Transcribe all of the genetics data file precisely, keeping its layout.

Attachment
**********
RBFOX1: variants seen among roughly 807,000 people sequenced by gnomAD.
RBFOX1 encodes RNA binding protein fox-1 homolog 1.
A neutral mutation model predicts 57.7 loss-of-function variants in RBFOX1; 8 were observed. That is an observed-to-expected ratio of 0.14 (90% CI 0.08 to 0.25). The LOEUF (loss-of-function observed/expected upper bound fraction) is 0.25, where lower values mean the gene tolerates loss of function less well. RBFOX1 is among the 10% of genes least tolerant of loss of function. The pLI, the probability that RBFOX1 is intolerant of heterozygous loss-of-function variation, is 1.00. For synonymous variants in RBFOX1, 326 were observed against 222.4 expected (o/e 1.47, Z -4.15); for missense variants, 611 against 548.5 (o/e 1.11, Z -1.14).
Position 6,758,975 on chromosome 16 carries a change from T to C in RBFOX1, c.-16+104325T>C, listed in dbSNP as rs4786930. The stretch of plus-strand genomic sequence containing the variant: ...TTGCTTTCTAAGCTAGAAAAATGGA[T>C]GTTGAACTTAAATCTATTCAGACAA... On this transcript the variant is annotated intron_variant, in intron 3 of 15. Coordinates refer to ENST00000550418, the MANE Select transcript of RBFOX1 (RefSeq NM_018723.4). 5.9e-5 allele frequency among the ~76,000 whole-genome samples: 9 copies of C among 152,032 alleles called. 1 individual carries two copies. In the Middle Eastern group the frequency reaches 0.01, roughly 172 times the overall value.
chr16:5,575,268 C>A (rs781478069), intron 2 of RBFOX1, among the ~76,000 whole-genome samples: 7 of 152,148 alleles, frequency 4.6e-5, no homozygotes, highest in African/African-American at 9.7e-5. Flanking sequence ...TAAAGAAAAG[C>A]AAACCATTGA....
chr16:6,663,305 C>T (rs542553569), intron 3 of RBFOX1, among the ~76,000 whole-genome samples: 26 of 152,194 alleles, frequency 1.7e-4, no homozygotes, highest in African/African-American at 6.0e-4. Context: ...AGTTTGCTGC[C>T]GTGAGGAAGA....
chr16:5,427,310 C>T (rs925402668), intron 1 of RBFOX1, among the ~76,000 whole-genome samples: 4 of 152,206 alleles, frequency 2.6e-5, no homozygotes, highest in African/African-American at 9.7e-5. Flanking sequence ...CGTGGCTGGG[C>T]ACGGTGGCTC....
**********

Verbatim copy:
RBFOX1: variants seen among roughly 807,000 people sequenced by gnomAD.
RBFOX1 encodes RNA binding protein fox-1 homolog 1.
A neutral mutation model predicts 57.7 loss-of-function variants in RBFOX1; 8 were observed. That is an observed-to-expected ratio of 0.14 (90% CI 0.08 to 0.25). The LOEUF (loss-of-function observed/expected upper bound fraction) is 0.25, where lower values mean the gene tolerates loss of function less well. RBFOX1 is among the 10% of genes least tolerant of loss of function. The pLI, the probability that RBFOX1 is intolerant of heterozygous loss-of-function variation, is 1.00. For synonymous variants in RBFOX1, 326 were observed against 222.4 expected (o/e 1.47, Z -4.15); for missense variants, 611 against 548.5 (o/e 1.11, Z -1.14).
Position 6,758,975 on chromosome 16 carries a change from T to C in RBFOX1, c.-16+104325T>C, listed in dbSNP as rs4786930. The stretch of plus-strand genomic sequence containing the variant: ...TTGCTTTCTAAGCTAGAAAAATGGA[T>C]GTTGAACTTAAATCTATTCAGACAA... On this transcript the variant is annotated intron_variant, in intron 3 of 15. Coordinates refer to ENST00000550418, the MANE Select transcript of RBFOX1 (RefSeq NM_018723.4). 5.9e-5 allele frequency among the ~76,000 whole-genome samples: 9 copies of C among 152,032 alleles called. 1 individual carries two copies. In the Middle Eastern group the frequency reaches 0.01, roughly 172 times the overall value.
chr16:5,575,268 C>A (rs781478069), intron 2 of RBFOX1, among the ~76,000 whole-genome samples: 7 of 152,148 alleles, frequency 4.6e-5, no homozygotes, highest in African/African-American at 9.7e-5. Flanking sequence ...TAAAGAAAAG[C>A]AAACCATTGA....
chr16:6,663,305 C>T (rs542553569), intron 3 of RBFOX1, among the ~76,000 whole-genome samples: 26 of 152,194 alleles, frequency 1.7e-4, no homozygotes, highest in African/African-American at 6.0e-4. Context: ...AGTTTGCTGC[C>T]GTGAGGAAGA....
chr16:5,427,310 C>T (rs925402668), intron 1 of RBFOX1, among the ~76,000 whole-genome samples: 4 of 152,206 alleles, frequency 2.6e-5, no homozygotes, highest in African/African-American at 9.7e-5. Flanking sequence ...CGTGGCTGGG[C>T]ACGGTGGCTC....